May reduce risk of brain and spinal cord

tube birth defects

birth defects

Infant formulas with iron

Reduces risk of iron deficiency

None

Grains with added fiber

Reduces risk of certain cancers and heart

May reduce the risk of some cancers;

disease; reduces cholesterol and

May reduce the risk of heart disease

constipation; increases blood-glucose control

Milk with vitamin D

Reduces risk of osteomalacia and

Helps maintain healthy bones and may

osteoporosis

reduce risk of osteoporosis

Juices with added fiber

Reduces risk of certain cancers and heart

May reduce risk of some cancers

disease; reduces cholesterol,

hypertension, and constipation

Enhanced foods

Dairy products with probiotics

Reduces risk of colon cancer and candidal vaginitis;

Structure/function claim

controls inflammation; treatment of respiratory

allergies, diarrheal disorders, and eczema

Beverages and salad dressings with

May support overall health

Structure/function claim

antioxidants

Foods and beverages containing herbal

Varies with ingredients

Structure/function claim

preparations

Sports bars

Varies with ingredients

Structure/function claim

Spreads with stanol esters

Reduces cholesterol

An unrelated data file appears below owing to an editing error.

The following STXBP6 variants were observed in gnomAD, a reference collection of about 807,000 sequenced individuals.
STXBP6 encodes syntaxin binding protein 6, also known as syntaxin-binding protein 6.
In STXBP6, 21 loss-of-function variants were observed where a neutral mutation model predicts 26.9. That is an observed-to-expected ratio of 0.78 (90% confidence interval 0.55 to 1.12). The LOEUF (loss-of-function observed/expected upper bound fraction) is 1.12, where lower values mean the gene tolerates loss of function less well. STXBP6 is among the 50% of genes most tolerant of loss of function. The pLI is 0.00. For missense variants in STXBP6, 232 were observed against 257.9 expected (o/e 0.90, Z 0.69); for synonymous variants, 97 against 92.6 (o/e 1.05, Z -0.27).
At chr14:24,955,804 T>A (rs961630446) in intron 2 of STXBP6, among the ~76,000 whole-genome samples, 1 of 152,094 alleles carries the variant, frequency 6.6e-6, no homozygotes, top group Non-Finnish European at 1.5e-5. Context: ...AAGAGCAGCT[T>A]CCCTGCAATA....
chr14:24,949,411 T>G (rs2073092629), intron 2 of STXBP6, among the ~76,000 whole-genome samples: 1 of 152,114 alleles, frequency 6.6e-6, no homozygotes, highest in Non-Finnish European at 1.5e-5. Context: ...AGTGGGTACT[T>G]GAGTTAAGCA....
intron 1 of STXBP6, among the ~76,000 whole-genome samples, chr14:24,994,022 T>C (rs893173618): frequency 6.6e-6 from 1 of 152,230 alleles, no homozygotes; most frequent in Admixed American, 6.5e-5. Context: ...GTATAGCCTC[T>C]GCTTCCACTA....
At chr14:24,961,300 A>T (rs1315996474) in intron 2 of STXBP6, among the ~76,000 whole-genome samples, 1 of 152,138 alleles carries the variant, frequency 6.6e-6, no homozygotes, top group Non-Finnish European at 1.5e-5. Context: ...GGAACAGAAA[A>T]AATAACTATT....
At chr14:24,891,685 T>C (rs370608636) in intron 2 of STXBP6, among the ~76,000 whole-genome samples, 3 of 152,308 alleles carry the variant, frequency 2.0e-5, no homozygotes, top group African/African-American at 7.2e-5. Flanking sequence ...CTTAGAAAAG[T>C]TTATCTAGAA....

Structure/function claim

Foods containing sugar alcohols in

Reduces risk of tooth decay

May reduce risk of tooth decay

place of sugar

Eggs with omega-3 fatty acids

Reduces risk of heart disease

Structure/function claim

because some ingredients have been studied extensively, some have not been studied very much, and some ingredients are backed by mixed results.

Disease-risk reduction claims, typically called health claims, do require FDA approval before they can be used on products and must reflect scientific consensus. For example, the health claim for soy protein and its relation to cardiovascular disease reads: "Diets low in saturated fat and cholesterol that include 25 grams of soy protein a day may reduce the risk of heart disease.

One serving of (name of food) provides_grams of soy protein." This claim may appear only on soy products that provide at least 6.25 grams of soy protein per serving. Other FDA-approved health claims include those related to fruits and vegetables and a reduced risk of cancer; saturated fat and an increased risk of heart disease; sodium and increased risk for hypertension, and folic acid-fortified foods and reduced risk of neural tube defects.

Many developed functional foods seem to have benefits for human health. For example, calcium-fortified orange juice provides approximately the same amount of calcium as milk. With more than half of all children under the age of five and nearly 85 percent of females age twelve to nineteen not meeting the Dietary Reference Intake (DRI) for calcium, calcium-fortified orange juice may contribute significantly to calcium intake. On the other hand, a positive impact on health is more difficult to establish for other developed functional foods. These include prepared foods spiked with herbal preparations, which may contain little of the herbal ingredients listed on the label, or insufficient quantities of these ingredients to produce the claimed effect. Additionally, some herbal ingredients can be harmful, such as kava, which has been associated with liver damage, and belladonna, which is toxic.